As you already have guessed the Clone method clones not only the node but also all its contents. Thus clone allows us to copy part of the tree and put it somewhere else. Removing a node from the tree will not remove it from the memory if we already saved it in a variable. This way we can get something we want to copy many times from the document, remove it from its original location and begin to clone and put it wherever we need it.
CreateNew - we used it above to create a plain text node. Why not create a VarDictionary directly (using Server.CreateObject ....)? CreateNew creates an empty VarDictionary with features like the one over which it is invoked. Thus by using the CreateNew over any node we are sure that it will have be configured with the same behavior as the node over which the method has been called. VarDictionary allows behavior configuration and the best way for us is to ensure that all the nodes in the tree have the same behavior. Thus using CreateNew we copy the behavior without the need to manually adjust it to match the other nodes. Furthermore this ensures that the object will be created directly and faster in the same COM apartment as the other node (this may be important in some applications).
It is often a good idea to set the skipEmptyTexts property of the parser to True and thus strip the document tree from all the hollow text elements not relevant to the document structure. For instance one such element will appear between any two sibling nodes if the document is formatted with new lines after the tags and so on. This is a lot of garbage which can be even more than the half of the nodes in the tree (depending on the document formatting). However be aware that as a result the Construct method will output HTML with no new lines between the tags and it will not be much of the human readable kind.
What kind of documents can be parsed?
With appropriate configuration the parser can be used with most HTML and XML documents. Note that some of the properties may need some tuning if an error occurs. A good decision is to set knownTagsOnly to True in order to ignore anything the parser cannot understand.
The parser can work with documents that use the corresponding Windows code page encoding, but it is not guaranteed to work with UNICODE or UTF-8 HTML/XML documents for example. The newer Windows versions support UTF-8 code page, but you should know that the Parser itself does not perform its own handling and using it will make the application dependent on the Windows versions that have the feature.
The output can be translated to another code page, but this rarely makes sense except for templates that do not contain constant texts (translating the code page will not translate the text from one language to another - the result will be something unreadable in its place). When doing this do not forget to change or add the META tag that marks the document encoding.
What is it for and what is not for?
The parser can be used for random pages in known language - such as indexing them. Also by calling it twice - first to find only the META encoding tag and then to parse the whole document with appropriate code page you can cope with several different languages and encodings, but not all. Thus search engine like usage is somewhat limited, but is enough for wide variety of purposes - such as intranets, well known sites and so on.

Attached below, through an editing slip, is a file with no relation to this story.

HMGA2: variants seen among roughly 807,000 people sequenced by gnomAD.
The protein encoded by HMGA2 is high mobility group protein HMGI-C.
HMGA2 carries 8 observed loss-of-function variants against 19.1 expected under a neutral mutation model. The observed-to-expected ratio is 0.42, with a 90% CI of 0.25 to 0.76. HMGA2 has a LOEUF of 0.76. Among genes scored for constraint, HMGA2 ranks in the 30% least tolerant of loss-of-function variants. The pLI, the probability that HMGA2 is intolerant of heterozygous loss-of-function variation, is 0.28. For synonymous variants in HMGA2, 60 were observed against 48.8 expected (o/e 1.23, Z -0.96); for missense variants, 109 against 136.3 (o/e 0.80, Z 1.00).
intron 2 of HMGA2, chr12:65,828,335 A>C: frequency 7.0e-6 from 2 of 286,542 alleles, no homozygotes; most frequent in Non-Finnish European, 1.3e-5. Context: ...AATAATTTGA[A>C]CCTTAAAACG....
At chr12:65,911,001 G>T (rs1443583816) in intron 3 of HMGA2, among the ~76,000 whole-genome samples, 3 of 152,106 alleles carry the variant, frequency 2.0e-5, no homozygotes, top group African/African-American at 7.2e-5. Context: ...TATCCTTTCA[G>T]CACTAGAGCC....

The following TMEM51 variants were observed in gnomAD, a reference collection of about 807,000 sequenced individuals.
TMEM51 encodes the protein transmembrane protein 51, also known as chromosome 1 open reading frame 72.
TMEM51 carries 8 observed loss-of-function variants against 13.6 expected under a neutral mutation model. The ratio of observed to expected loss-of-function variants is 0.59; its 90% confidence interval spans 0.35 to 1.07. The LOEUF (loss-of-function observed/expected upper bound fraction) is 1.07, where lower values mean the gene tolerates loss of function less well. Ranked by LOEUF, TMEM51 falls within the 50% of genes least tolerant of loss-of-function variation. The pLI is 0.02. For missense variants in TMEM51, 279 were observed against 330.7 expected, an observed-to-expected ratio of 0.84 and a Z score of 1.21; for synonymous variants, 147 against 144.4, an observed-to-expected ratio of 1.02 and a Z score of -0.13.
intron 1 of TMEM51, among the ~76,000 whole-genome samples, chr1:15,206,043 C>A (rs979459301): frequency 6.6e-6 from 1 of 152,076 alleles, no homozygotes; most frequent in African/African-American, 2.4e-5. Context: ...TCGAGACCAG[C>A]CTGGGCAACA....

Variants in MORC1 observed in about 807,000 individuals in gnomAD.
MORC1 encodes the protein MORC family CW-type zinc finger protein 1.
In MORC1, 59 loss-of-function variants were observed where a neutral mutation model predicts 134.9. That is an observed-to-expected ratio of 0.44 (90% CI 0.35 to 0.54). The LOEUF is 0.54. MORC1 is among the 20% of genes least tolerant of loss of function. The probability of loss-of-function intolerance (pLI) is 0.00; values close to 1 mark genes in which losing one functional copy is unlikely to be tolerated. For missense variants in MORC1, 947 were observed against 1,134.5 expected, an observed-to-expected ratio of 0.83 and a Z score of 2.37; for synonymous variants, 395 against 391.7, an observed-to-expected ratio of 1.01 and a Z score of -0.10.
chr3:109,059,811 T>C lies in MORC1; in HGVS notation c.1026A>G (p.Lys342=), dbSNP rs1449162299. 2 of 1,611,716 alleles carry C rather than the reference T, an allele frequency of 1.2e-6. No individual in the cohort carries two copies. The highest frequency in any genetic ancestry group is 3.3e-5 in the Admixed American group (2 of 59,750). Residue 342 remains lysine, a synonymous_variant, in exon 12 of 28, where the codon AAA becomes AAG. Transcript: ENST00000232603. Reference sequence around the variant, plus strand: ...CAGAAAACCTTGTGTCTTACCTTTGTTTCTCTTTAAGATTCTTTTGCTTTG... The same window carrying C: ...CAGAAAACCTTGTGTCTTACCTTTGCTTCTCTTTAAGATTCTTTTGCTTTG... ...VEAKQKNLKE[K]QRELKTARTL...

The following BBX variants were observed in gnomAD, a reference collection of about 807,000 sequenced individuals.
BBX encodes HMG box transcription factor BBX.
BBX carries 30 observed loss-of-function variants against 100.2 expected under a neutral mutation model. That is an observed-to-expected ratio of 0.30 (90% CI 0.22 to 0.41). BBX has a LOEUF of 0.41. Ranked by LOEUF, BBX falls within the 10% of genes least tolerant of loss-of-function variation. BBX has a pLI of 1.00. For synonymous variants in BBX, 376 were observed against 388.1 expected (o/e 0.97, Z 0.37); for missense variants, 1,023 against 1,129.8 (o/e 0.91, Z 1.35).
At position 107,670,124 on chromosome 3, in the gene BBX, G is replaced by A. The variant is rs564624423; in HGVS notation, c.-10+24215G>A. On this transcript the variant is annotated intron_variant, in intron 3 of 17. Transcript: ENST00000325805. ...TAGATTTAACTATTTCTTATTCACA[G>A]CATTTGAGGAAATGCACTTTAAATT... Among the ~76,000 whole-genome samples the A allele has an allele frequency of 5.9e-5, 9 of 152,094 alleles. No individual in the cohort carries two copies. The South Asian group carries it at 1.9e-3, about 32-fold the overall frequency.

Although some configuration is needed almost any correct HTML or XML can be parsed and re-generated back with some changes. Most often it is possible to parse the documents partially - by specifying only some tags or embeds that are actually of interest and treat the rest as plain text. Depending on the usage you can optimize the performance by configuring the parser to work only with the elements you actually need. Obviously for applications with extensive parsing the performance improvements can be drastic.
The object is named "Light" because it uses VarDictionary for the document tree thus avoiding the need to supply specialized objects for the document tree. This is a plus and a minus. Positives:- less objects to learn, no matter if the document is HTML, XML or even something else with some HTML/XML like inclusions. Negatives: The object model is nothing alike XML DOM or DHMTL - only the structure of the tree is the same, but you work with universal objects which do not have members named after the HTML or XML standard.
The parser uses auto-closing of tags. Thus if a closing tag is found but it is not the closing tag corresponding to the last open tag the operation will not fail. Instead the last open tag will be automatically closed, then the closing tag will be compared to the open tag which contains the current and so on until match is found. Thus:
will appear as intended in the document tree:
This is the behavior of the most browsers today and the parser's behavior with incorrect HTML is quite common and reflects the typical browser behavior.
The parser will not decode or encode any texts from/to the document tree. Thus when you need to HTML decode or encode certain texts you must use a HTML Encoder object to perform Encode/Decode. One such object is usually enough for the entire application - you call it wherever you need it.